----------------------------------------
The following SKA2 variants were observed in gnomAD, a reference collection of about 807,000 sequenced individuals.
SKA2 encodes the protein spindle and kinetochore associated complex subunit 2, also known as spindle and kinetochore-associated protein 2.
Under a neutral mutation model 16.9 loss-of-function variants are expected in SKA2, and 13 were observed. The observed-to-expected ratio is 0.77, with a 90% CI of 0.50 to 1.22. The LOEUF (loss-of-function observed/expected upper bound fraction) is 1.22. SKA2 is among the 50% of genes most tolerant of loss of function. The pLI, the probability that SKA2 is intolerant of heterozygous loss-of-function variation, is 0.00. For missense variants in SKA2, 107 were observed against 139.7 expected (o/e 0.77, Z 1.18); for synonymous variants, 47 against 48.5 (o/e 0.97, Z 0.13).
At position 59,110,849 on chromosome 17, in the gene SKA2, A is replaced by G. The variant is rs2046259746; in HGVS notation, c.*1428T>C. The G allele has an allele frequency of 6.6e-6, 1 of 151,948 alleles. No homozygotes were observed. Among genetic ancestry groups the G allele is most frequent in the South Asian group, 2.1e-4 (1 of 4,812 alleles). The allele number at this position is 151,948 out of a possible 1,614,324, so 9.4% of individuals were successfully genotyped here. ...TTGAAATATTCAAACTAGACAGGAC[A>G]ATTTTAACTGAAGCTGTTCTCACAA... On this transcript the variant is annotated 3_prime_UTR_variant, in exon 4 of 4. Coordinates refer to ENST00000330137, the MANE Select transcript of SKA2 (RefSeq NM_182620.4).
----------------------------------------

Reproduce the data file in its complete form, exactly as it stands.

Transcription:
The following SKA2 variants were observed in gnomAD, a reference collection of about 807,000 sequenced individuals.
SKA2 encodes the protein spindle and kinetochore associated complex subunit 2, also known as spindle and kinetochore-associated protein 2.
Under a neutral mutation model 16.9 loss-of-function variants are expected in SKA2, and 13 were observed. The observed-to-expected ratio is 0.77, with a 90% CI of 0.50 to 1.22. The LOEUF (loss-of-function observed/expected upper bound fraction) is 1.22. SKA2 is among the 50% of genes most tolerant of loss of function. The pLI, the probability that SKA2 is intolerant of heterozygous loss-of-function variation, is 0.00. For missense variants in SKA2, 107 were observed against 139.7 expected (o/e 0.77, Z 1.18); for synonymous variants, 47 against 48.5 (o/e 0.97, Z 0.13).
At position 59,110,849 on chromosome 17, in the gene SKA2, A is replaced by G. The variant is rs2046259746; in HGVS notation, c.*1428T>C. The G allele has an allele frequency of 6.6e-6, 1 of 151,948 alleles. No homozygotes were observed. Among genetic ancestry groups the G allele is most frequent in the South Asian group, 2.1e-4 (1 of 4,812 alleles). The allele number at this position is 151,948 out of a possible 1,614,324, so 9.4% of individuals were successfully genotyped here. ...TTGAAATATTCAAACTAGACAGGAC[A>G]ATTTTAACTGAAGCTGTTCTCACAA... On this transcript the variant is annotated 3_prime_UTR_variant, in exon 4 of 4. Coordinates refer to ENST00000330137, the MANE Select transcript of SKA2 (RefSeq NM_182620.4).